Every four years, the world gets together to honor the Gods on Mount Olympus by holding the “Olympics.” We run, jump, swim, dance, and undertake the stupidest “sports” (solo synchronized swimming) for the amusement of those above us. With Hippias of Elis (founder of the Olympics) as their messenger, the Gods have decreed certain immutable, irrefutable, seemingly unbreakable rules which have been open to interpretation over the years — a set of ten commandments, if you will:
1. Thou shalt have no more golds than me.
In the original days of friendly competition and having olive branches as awards, this commandment made no sense. Scholars had a tough time deciphering the statement. To make sense of it all, they began awarding gold to the winner.
Unfortunately this defeated the idea of the “friendly competition,” as countries went to all costs (billions of dollars and counting) to win the most gold. No longer is it about just getting together for a nice cold glass of water, putting on sandals and taking a quiet 100–meter stroll. It’s about in–your–face aerodynamic running suits, trash talking, golden shoes, pumping steroids and earning the title of “World’s Best. . .” whatever.
Zeus must be angry.
2. Thou shalt not make unto thee any graven image, or any likeness of anything that is above.
And so the Olympic Rings were born.
3. Thou shalt not take NBC’s name in vain.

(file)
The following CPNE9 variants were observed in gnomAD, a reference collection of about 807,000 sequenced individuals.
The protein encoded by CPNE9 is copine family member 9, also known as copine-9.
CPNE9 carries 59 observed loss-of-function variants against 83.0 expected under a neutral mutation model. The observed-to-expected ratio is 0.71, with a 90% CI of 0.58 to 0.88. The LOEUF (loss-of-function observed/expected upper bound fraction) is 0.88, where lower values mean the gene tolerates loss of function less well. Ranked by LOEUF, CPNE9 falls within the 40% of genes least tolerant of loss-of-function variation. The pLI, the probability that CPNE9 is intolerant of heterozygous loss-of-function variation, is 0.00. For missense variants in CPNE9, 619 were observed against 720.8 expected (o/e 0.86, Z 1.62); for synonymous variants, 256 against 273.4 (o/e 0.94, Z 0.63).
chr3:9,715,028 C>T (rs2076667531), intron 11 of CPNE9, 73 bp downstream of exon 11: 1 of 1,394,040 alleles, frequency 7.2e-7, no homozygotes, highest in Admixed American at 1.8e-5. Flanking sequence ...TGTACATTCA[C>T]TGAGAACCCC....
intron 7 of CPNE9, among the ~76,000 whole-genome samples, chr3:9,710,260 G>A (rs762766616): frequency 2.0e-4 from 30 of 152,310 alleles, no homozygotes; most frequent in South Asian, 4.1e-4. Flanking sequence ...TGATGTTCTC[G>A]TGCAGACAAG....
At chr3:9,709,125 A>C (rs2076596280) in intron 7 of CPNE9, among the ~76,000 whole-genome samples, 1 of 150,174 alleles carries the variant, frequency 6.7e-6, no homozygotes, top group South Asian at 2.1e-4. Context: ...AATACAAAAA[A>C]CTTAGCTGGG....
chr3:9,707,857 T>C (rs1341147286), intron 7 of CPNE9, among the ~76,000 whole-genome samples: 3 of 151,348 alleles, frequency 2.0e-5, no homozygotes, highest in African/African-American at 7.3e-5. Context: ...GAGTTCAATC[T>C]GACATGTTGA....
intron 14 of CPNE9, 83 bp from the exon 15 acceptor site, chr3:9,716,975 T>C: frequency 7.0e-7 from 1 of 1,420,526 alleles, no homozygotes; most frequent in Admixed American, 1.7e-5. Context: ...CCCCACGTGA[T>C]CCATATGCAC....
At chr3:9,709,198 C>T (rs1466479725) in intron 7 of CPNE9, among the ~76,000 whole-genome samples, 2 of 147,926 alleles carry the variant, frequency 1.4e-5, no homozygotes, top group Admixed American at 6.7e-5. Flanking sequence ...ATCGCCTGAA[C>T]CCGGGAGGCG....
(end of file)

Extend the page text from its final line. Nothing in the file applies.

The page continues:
Bow down to NBC! The ruler of all channels, the bringer of all hope and bad comedy. Do not desecrate the good name of the peacock who punishes us with tape delay and never–ending features on losing athletes. Sacrifice your good mind for their bad sports coverage and worse ratings.
Thank you Gods, for NBC.
4. Remember opening ceremony day and keep it holy. It will be good. Real good.
Most scholars admit that this commandment is hard to break. And with modern–day razzle dazzle laser light shows and increasingly brilliant homages to the past, there is always something for everyone. Remember Mohammed Ali? That image of a young fighter entombed in a fading body, raising his spirits for all to see is still etched in our collective minds. Heart warming to say the least.
5. Honor thy predecessors.
Especially Jesse Owens and Nadia.
After originally scheduling thank–you speeches after every event, scholars realized that six months was a little too long for the Olympics.
6. Thou shalt not kill.
Scholars have given exceptions to the Chinese ping-pong team and the “Dream Team” which continually maul opponent after opponent on the courts and tables. In fact, if they don’t kill, then there’s something wrong with them [see game vs. Lithuania].
7. Thou shalt not commit false starts.
Poor Doug Christie. The guy never learned. You can’t win if you’re going to cheat like that. Cheating is bad. Especially in the finals. In front of 6 billion people. Four years of hard work down the tubes because of one little flinch. Control yourselves, athletes.
8. Thou shalt not steal.
Unless you’re playing the Cuban baseball team. In which case the only way you’re going to get around the bases is by stealing every chance you get.
Exceptions are also occasionally given to the U.S. soccer team, which somehow steals a game here and there every few decades.
9. Thou shalt not bear false witness against thy neighbor.
The scholars were and remain thoroughly confused.
10. Thou shalt not covet thy neighbor’s gold.
Yes, including you, Canada.
Archived article by Sumeet Sarin